Holiday specials, a staple of North American childhoods since the early 1960s, are increasingly falling victim to our fragmented media culture. Just as the liturgical calendar gave structure to the lives of the medieval peasants, an equally ritualized TV schedule shaped a communal culture in the era of the cathode tube: The Ten Commandments for Easter, It’s the Great Pumpkin, Charlie Brown for Halloween, and then, after Thanksgiving, a slew of familiar shows and movies revisited every year: A Charlie Brown Christmas, Dr. Seuss’ How the Grinch Stole Christmas, Frosty the Snowman, It’s a Wonderful Life, and the many iterations of A Christmas Carol.
But television is giving way to Youtube and streaming, which makes for more privatized and asynchronous viewing: With everyone watching on their own electronic device and in their own time, the idea of a shared experience represented by TV specials seems anachronistic. There is evidence, though, that communal viewing remains something people cherish and want to hold on to. As PBS reports, “Apple TV+ purchased the Peanuts Thanksgiving and became the new home to the beloved Peanuts holiday specials. That sparked an outcry from viewers who were accustomed to annually tuning in on network TV. Apple offered each special to stream for free for a handful of days, but that didn’t stop online petitions from gathering hundreds of thousands of signatures.” Bowing to public pressure, Apple agreed to allow PBS to air the specials ad-free.
This rollback of streaming culture is likely to be temporary. Holiday specials will persist, but without the chronological framework of the TV schedule. Instead, the viewing of these specials will become curated by parents, who will work from memories of what they enjoyed as young. But memories are sometimes faulty and not everything that enjoys the hazy glow of nostalgia deserves preserving.
Writing in the December issue of The Atlantic, the astute cultural critic Caitlin Flanagan makes the case against one of the most beloved of the old specials in an article bluntly titled, “Don’t Subject Your Kids to Rudolph.” According to Flanagan, Rudolph the Red-Nosed Reindeer (a 1964 stop-motion animation special made by Rankin/Bass Productions) is too “bleak” and “dark” for children.
This critique has some justice to it. Like other Rankin/Bass shows, Rudolph does veer toward the grotesque, with mean-spirited characters who bully and badger each other. The titular hero is relentlessly belittled for being different, his red nose eliciting taunts and exclusion. Santa’s workshop is run with a ruthlessness of a Victorian factory, with miserable elves dreaming of escape. Toys that don’t fit the norm are exiled to the Island of Misfit Toys.
But many storytellers have found it useful to highlight grotesque and selfish behavior as a way of drawing a contrast to Christmas cheer. It’s hardly an accident that Ebenezer Scrooge and the Grinch are at the heart of the Christmas canon.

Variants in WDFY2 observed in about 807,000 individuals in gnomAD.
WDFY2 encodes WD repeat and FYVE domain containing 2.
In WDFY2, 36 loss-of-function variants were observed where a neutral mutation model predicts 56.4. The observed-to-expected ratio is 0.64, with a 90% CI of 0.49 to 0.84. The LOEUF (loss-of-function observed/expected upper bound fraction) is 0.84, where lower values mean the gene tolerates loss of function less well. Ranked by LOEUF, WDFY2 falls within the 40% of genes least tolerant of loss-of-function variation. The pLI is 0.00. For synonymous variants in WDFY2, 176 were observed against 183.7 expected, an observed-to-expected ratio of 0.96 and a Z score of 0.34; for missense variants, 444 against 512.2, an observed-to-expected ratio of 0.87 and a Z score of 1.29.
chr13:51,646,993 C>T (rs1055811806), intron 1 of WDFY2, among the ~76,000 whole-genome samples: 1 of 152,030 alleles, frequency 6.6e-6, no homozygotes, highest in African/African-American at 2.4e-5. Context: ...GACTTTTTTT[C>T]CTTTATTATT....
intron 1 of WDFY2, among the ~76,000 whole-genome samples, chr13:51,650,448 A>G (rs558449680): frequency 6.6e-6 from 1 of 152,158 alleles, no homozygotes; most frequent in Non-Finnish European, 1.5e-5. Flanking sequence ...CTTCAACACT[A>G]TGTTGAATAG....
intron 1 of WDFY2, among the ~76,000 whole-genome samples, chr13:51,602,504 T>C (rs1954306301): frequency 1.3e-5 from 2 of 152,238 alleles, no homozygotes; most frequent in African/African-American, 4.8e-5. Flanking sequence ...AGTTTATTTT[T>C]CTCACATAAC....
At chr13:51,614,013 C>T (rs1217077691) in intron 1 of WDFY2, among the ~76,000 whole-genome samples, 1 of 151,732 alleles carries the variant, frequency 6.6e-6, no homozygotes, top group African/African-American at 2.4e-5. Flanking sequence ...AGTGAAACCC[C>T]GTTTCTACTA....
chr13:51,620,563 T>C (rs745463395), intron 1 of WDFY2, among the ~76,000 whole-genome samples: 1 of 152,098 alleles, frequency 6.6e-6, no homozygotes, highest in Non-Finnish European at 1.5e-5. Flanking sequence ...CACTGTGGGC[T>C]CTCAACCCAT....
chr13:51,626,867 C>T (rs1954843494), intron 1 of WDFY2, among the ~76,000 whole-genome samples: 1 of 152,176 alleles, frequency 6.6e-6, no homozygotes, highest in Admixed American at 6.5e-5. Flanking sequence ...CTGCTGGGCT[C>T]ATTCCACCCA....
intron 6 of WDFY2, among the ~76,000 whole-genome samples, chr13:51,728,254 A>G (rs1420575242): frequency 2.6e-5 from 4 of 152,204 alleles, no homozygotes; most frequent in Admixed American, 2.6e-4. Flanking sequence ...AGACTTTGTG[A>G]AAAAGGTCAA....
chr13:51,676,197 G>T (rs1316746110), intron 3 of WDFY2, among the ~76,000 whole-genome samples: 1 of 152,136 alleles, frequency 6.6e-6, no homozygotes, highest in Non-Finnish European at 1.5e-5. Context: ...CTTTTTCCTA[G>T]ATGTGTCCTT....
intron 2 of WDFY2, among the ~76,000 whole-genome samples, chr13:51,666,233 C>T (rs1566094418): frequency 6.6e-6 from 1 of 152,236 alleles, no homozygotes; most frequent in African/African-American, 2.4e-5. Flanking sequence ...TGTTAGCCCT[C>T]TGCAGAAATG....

Flanagan is fair-minded enough to acknowledge the artistic merits of the special. She notes, “The puppets were created in the Japanese animation studio of Tadahito Mochinaga, who traveled to a deer sanctuary in Nara to study and sketch a herd of deer before Ichiro Komuro, an artist in the studio, began to work. The reindeer puppets had long legs, felt hides, and huge, anime eyes. Snow is piled in drifts, the sky is a piercing blue, and everything has a solid, touchable quality.”
But her overall judgement is negative. As a child, Rudolph gave her “fretful anxiety,” and as an adult it still leaves her cold.
Like many commentators before her, Flanagan notes that the special has a queer subtext. Writing in the The New York Times in 2019, Jennifer Finney Boylan itemized the tipoffs: “A fabulously blond elf who doesn’t like to make toys? A reindeer who is cast out by those who are supposed to love him, on account of an accident of birth? A whole island populated by outcasts?” All of this, wrote Boylan, made Rudolph, “the queerest holiday special ever.”
For Boylan and many other queer writers, this is a reason to celebrating Rudolph. But Flanagan sees the queer subtext as a sanction for homophobia:
We are supposed to understand that blond, dreamy-eyed Hermey wants to be a dentist, not a toy maker. (What he really wants to do, in my opinion, is join the drama club, but that might have been too much for NBC.) Foreman Elf—who, come the revolution, will not be dealt with kindly—humiliates him repeatedly. When Hermey tells him, tentatively, that he doesn’t want to make toys, Foreman Elf repeats the phrase in the “sissy” voice that has haunted gay boys down through the ages. “Shame on you!” cry the other elves, further demoralizing Hermey. Rudolph thinks it teaches children to be themselves, and maybe it does. But it also teaches them how to taunt a boy who seems different.
This is a classic critical misreading whereby depicting an injustice is the same as giving sanction to it. By this logic, Moby-Dick promotes violence toward animals and Othello is a license for spouse-killing. In fact, several generation of queer children, and outsiders of all stripes, have felt an affinity for Rudolph because he learns to accept his difference and not yield to social pressure. Along the way, he forms a fellowship with other outsiders and nonconformists.
To be sure, the show was made in a pre-Stonewall world and has some of the era’s creaky liberalism. Rudolph’s difference is validated because it turns out to be socially useful (the bright red nose helping Santa deliver presents in a storm). Still, on an emotional level, the story doesn’t affirm social norms but rather shows the superiority of self-acceptance and appreciation of difference.
Rudolph the Red Nose Reindeer is a lesser part of the Christmas canon. It lacks the sweet melancholy of A Charlie Brown Christmas or the ferociously gleeful misanthropy of How the Grinch Stole Christmas. Still, it deserves to remain an annual ritual.